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Design & Tech Guru Michael Bruno on Collecting, Starchitects & WYETH

NEW YORK – Since founding luxury online marketplace 1stdibs in 2001, Michael Bruno’s creative projects run the gamut. When he is not launching apps and innovative tools of the trade, Bruno buys and restores historic homes, many built by renowned architects such as John Russell Pope and the firm Delano & Aldrich. This summer, Bruno will open his first hotel under his company Tuxedo Hudson. The 7 Lakes Inn will be a cyclist-focused resort in Sloatsburg, New York, with amenities ranging from an organic market and brewery to a bike shop, art gallery and access to trails situated around 70,000 acres of parkland. With a passion for collecting and an eye for design, Bruno often turns to New York’s WYETH for contemporary decor to complement his antiques. "With WYETH, you can mix very modern pieces in an eclectic environment,” he told Sotheby’s. Ahead of our WYETH: The Art of Timeless Design auction on 6 June, we spoke to Bruno about the fascinating stories behind his one-of-a-kind homes, as well as the sale’s most splurge-worthy pieces

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MICHAEL BRUNO IN HIS HOME IN TUXEDO PARK. COURTESY CIRCE PHOTOGRAPHY.

Do you have any early memories of being interested in design?
When I was in school and on the swim team, I would do laps in the pool thinking about floor plans and houses. If you were ever a swimmer, you know that when you do laps, you can get into this state that is almost like a trance.  

How did you develop a passion for acquiring and restoring historic properties?
I don’t know where it came from; I just know I always had it. My family always lived in pretty, older homes, and had I not gone down the path I went, I would have liked to be an architect. I’ve bought and sold a lot of homes that often are in the path of a wrecking ball. My preference is to save homes that other people wouldn’t be willing to tackle.  

Tell me more about some of your favourite houses. 
I have a charming house in Maine that I love more than anything else I own. It’s on sixteen acres on the ocean and was built in the 1920s by Delano & Aldrich, a very important, turn-of-the-century architecture firm. It was built for Ambassador Morrow whose daughter Anne married Charles Lindbergh. He used to land his plane on the lawn.  

In Tuxedo we have a house that John Russell Pope built in 1901, and we also own the Loomis Lab in Tuxedo Park, which is a 20,000-square-foot mansion with all Tiffany windows that was converted into nine apartments. It was built by Spencer Trask, who later sold it to Alfred Lee Loomis. Loomis made it a laboratory and brought scientists from Europe there in the 1930s. They invented radar there and made a lot of very important discoveries that led America to win World War II. President Franklin D. Roosevelt’s aunt built and owned my house in Tuxedo, so he would go there to visit her and to meet with the scientists. There’s a New York Times Best Seller written about this time and property, and a documentary about it is coming out this year.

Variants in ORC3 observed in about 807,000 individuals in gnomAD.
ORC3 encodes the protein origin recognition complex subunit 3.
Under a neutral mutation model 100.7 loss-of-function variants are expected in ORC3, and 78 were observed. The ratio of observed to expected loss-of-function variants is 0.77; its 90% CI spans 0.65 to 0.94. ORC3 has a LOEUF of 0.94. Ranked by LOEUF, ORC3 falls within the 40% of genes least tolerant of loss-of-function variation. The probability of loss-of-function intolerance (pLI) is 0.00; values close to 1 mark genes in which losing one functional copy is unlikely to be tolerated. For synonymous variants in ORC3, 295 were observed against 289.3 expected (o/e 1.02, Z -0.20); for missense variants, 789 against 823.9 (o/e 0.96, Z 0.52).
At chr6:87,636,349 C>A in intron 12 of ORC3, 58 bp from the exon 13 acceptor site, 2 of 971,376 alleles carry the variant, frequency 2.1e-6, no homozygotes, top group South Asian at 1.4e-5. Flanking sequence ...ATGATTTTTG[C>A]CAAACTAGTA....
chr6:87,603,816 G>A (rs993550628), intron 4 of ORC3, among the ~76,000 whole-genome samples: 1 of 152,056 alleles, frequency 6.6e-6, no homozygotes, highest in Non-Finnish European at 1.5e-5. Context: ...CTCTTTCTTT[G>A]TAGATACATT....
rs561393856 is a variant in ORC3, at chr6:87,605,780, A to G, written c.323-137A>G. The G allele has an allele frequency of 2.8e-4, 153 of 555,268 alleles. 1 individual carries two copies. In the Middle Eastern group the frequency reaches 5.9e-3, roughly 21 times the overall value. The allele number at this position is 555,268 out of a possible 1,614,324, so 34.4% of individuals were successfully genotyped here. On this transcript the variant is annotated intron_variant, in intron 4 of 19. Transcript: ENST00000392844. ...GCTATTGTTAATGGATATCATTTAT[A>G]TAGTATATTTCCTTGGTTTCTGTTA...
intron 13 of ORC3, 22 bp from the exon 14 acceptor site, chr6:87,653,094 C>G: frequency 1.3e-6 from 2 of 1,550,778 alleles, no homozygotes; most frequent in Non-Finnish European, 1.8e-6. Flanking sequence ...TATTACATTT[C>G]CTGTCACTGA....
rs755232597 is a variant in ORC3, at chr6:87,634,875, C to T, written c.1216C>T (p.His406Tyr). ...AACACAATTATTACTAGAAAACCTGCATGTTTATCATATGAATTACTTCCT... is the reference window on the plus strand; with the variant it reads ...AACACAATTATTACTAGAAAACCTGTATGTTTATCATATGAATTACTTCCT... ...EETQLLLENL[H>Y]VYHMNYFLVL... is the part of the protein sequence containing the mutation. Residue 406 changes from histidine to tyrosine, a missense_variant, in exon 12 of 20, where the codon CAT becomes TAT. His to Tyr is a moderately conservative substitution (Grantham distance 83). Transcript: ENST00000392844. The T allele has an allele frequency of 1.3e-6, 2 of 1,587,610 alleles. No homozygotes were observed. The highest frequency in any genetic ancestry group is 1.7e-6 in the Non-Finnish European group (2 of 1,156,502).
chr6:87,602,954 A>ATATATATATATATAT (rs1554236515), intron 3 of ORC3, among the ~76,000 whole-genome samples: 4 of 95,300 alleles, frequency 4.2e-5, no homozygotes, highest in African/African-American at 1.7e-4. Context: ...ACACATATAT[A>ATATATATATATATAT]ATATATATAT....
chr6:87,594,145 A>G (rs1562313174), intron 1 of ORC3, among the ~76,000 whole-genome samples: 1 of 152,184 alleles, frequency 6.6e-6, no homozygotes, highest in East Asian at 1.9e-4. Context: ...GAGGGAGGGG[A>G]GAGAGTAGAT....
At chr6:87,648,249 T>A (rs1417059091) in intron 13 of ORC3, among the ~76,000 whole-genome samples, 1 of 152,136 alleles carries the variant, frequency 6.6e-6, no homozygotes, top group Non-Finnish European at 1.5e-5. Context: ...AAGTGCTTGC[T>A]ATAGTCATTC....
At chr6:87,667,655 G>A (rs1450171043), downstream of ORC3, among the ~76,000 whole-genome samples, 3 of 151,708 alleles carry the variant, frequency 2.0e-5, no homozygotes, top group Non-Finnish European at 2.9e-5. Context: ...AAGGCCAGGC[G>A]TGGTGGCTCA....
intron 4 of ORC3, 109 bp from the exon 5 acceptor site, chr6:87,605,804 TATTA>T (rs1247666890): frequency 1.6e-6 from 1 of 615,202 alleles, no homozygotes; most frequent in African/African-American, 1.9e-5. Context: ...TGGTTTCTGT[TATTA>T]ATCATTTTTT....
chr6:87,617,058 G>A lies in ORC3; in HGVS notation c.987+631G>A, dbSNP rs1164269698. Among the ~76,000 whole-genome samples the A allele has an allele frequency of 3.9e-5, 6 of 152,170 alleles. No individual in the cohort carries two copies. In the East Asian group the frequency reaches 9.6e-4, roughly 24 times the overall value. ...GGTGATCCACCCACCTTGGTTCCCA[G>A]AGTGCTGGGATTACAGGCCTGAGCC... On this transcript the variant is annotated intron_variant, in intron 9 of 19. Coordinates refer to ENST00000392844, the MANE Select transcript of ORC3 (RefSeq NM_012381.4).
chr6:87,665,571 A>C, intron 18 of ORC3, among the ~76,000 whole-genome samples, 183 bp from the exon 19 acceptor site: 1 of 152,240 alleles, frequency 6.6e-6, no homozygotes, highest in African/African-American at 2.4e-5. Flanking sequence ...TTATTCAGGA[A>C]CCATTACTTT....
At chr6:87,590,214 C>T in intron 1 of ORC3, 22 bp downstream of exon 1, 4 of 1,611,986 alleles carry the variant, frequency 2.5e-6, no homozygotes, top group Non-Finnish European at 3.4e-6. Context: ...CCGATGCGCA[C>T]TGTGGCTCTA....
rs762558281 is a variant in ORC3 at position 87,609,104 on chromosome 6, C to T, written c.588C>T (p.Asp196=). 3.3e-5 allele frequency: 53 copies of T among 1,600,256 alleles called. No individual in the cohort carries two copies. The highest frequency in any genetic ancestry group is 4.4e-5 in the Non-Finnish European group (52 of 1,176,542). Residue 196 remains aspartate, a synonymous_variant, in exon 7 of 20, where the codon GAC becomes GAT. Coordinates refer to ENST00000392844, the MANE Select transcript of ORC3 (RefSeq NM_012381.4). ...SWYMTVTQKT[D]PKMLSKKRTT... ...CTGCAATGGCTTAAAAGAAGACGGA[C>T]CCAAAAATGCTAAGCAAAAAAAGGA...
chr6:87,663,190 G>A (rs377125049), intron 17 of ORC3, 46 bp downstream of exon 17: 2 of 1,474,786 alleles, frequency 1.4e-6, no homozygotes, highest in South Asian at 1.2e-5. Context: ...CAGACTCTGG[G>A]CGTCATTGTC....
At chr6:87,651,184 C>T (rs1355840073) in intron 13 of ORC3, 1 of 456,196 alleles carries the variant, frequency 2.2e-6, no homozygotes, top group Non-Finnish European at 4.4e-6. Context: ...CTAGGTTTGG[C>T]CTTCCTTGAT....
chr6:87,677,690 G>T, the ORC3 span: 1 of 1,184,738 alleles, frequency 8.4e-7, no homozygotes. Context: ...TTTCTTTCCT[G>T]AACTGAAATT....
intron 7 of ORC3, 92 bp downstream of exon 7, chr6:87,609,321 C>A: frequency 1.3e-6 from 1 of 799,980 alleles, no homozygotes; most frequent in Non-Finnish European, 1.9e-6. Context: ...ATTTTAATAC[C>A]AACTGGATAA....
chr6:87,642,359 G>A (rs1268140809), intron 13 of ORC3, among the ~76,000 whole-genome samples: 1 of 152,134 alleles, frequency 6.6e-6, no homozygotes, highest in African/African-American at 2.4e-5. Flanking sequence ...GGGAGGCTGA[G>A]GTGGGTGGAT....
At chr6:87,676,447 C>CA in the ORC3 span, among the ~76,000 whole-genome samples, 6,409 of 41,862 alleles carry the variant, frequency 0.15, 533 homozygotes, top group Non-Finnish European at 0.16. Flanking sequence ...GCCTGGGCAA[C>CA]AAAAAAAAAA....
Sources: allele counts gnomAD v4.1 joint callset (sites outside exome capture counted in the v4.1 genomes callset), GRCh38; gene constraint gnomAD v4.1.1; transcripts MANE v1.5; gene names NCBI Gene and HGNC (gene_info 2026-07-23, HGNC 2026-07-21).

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THE LOOMIS LAB IN TUXEDO PARK, A PROPERTY NOW OWNED BY BRUNO. PHOTOGRAPH BY JILL SWIRBUL.

What do you look for in an interior decorator or designer?
I work with designers who are also collectors and typically use a lot of antiques and vintage. Lisa Bowles, whom I’ve known for twenty years, is designing our hotel. She has amazing taste. Without designers, we would end up with far less beautiful projects and probably would have spent more money. You make a lot of mistakes, so quite frankly, a good designer can save you a fortune. 

You’ve said in past interviews that people who decide to be collectors aren’t true collectors. Can you explain?
To me, people become collectors through a process of passion. There are people who say, “One day I’m going to be an art collector.” These people are often collecting from a perspective of pure investment, and I think those are investors, not collectors.  

Does your collection have any specific themes?
When I started really buying furniture for some of the first houses I owned, I hadn’t realised it, but I collected a lot of animal-related objects, not parts but rather themed pieces. One woman came to my house with her children, and she told them, “See how many animals you can count!” And I thought, “Oh my God, I didn’t realise there were so many.” 

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THE VILLAGE AT BRUNO'S NEW HOTEL, THE 7 LAKES INN.

How would your describe your style?
I’d say it’s evolving. Funny enough, I’m moving in a more minimalist direction. I go through my house all the time, and I edit layers out. While a minimalist would say I’m anything but one, compared to how I used to be, I am looking to keep things super simple and upgrade to better objects and art. 

What attracts you to WYETH?
I have quite a few WYETH pieces in our homes. I have an amazing pair of Italian lamps, a bar that is beyond gorgeous, a minimalist dining room chandelier and a beautiful black sofa. At the WYETH Sotheby’s sale preview, I saw a modern Nils Fagerholt fireplace that hangs on the wall. At the moment, because I need so many things for the hotel, I’m trying not to buy anything I don’t have a place for, but I love that piece. We might just splurge on it because it would be for a public space at the hotel.  
 

Click the slideshow to view Michael Bruno's Favourite Pieces from the upcoming auction:

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